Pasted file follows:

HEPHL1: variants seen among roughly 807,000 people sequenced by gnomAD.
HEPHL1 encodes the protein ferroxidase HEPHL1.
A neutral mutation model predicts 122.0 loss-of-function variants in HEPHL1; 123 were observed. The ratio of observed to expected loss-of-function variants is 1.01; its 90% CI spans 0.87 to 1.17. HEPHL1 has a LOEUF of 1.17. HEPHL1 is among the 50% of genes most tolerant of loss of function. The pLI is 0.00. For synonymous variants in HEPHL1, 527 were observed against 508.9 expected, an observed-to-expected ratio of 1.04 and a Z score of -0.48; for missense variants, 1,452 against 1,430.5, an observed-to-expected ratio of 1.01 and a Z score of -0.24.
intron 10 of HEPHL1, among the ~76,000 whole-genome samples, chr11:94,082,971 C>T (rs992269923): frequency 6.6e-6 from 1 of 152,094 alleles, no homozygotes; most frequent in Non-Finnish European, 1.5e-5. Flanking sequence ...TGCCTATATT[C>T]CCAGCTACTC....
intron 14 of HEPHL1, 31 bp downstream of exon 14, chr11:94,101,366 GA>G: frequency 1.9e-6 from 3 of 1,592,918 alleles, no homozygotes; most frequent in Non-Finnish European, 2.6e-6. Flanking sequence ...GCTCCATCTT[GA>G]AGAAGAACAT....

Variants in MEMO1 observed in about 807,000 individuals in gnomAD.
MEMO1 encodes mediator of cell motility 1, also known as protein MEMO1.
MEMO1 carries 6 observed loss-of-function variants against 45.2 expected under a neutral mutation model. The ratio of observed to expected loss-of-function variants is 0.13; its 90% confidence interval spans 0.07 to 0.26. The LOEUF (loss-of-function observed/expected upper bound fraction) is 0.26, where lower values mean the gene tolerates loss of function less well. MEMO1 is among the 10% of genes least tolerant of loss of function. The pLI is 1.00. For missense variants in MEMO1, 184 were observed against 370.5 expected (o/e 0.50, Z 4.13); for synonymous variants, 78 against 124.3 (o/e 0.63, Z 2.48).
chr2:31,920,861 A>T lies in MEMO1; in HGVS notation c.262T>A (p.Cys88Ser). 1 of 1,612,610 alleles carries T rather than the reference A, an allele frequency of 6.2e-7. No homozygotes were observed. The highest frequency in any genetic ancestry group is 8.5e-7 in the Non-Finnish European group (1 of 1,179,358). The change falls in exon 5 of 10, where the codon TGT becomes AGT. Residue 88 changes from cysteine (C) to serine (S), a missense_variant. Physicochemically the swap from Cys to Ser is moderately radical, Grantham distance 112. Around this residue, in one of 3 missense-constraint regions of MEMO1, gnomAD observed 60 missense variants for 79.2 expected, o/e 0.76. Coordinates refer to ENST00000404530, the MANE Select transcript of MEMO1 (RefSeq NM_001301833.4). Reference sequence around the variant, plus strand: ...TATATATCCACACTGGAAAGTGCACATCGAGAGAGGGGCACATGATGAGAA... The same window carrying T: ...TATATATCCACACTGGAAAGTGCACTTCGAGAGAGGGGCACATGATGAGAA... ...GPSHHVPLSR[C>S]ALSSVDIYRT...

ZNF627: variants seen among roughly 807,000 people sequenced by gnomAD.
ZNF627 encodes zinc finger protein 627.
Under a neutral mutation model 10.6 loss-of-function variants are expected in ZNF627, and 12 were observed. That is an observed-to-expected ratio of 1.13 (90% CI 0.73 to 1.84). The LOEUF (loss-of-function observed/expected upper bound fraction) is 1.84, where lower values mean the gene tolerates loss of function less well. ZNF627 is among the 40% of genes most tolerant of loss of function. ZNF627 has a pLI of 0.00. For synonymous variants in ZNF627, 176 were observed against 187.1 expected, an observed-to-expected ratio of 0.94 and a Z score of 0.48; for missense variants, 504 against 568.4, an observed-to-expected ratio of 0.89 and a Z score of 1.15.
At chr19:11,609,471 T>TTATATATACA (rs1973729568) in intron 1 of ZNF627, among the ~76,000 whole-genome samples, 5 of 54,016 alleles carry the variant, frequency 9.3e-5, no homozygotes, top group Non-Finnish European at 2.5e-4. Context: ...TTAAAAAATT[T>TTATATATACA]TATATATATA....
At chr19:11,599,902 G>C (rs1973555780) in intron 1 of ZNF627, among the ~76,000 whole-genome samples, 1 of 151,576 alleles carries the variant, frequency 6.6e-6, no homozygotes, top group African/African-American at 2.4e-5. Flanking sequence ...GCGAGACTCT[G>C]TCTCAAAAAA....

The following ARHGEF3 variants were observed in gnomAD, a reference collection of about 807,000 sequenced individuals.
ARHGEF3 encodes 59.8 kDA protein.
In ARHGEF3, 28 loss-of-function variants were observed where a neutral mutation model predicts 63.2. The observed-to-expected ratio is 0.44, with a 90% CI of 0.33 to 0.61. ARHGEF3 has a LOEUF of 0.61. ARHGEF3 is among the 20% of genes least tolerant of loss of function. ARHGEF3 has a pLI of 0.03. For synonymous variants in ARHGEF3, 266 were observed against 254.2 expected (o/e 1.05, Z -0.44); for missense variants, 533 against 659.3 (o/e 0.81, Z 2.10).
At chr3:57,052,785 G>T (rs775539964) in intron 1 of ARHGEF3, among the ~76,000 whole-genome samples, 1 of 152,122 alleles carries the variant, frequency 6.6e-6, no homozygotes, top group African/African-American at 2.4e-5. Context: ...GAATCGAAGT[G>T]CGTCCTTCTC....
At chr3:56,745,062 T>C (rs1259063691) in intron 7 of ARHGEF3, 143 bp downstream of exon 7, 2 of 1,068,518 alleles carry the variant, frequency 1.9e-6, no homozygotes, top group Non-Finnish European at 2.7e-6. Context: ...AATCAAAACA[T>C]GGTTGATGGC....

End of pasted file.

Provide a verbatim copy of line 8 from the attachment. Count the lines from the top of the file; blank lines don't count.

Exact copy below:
MEMO1 carries 6 observed loss-of-function variants against 45.2 expected under a neutral mutation model. The ratio of observed to expected loss-of-function variants is 0.13; its 90% confidence interval spans 0.07 to 0.26. The LOEUF (loss-of-function observed/expected upper bound fraction) is 0.26, where lower values mean the gene tolerates loss of function less well. MEMO1 is among the 10% of genes least tolerant of loss of function. The pLI is 1.00. For missense variants in MEMO1, 184 were observed against 370.5 expected (o/e 0.50, Z 4.13); for synonymous variants, 78 against 124.3 (o/e 0.63, Z 2.48).